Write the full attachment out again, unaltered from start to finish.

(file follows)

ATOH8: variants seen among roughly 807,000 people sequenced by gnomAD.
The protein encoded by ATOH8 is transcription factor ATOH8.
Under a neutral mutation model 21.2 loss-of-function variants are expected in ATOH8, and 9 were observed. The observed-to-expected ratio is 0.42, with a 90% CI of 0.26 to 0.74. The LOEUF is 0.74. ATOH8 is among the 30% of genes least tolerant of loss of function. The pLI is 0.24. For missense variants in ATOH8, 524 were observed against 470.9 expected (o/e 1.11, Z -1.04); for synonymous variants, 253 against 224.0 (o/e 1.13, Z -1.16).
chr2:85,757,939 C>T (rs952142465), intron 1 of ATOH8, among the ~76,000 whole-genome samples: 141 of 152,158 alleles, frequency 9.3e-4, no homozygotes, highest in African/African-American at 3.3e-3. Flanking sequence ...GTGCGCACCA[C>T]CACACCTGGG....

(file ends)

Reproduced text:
ATOH8: variants seen among roughly 807,000 people sequenced by gnomAD.
The protein encoded by ATOH8 is transcription factor ATOH8.
Under a neutral mutation model 21.2 loss-of-function variants are expected in ATOH8, and 9 were observed. The observed-to-expected ratio is 0.42, with a 90% CI of 0.26 to 0.74. The LOEUF is 0.74. ATOH8 is among the 30% of genes least tolerant of loss of function. The pLI is 0.24. For missense variants in ATOH8, 524 were observed against 470.9 expected (o/e 1.11, Z -1.04); for synonymous variants, 253 against 224.0 (o/e 1.13, Z -1.16).
chr2:85,757,939 C>T (rs952142465), intron 1 of ATOH8, among the ~76,000 whole-genome samples: 141 of 152,158 alleles, frequency 9.3e-4, no homozygotes, highest in African/African-American at 3.3e-3. Flanking sequence ...GTGCGCACCA[C>T]CACACCTGGG....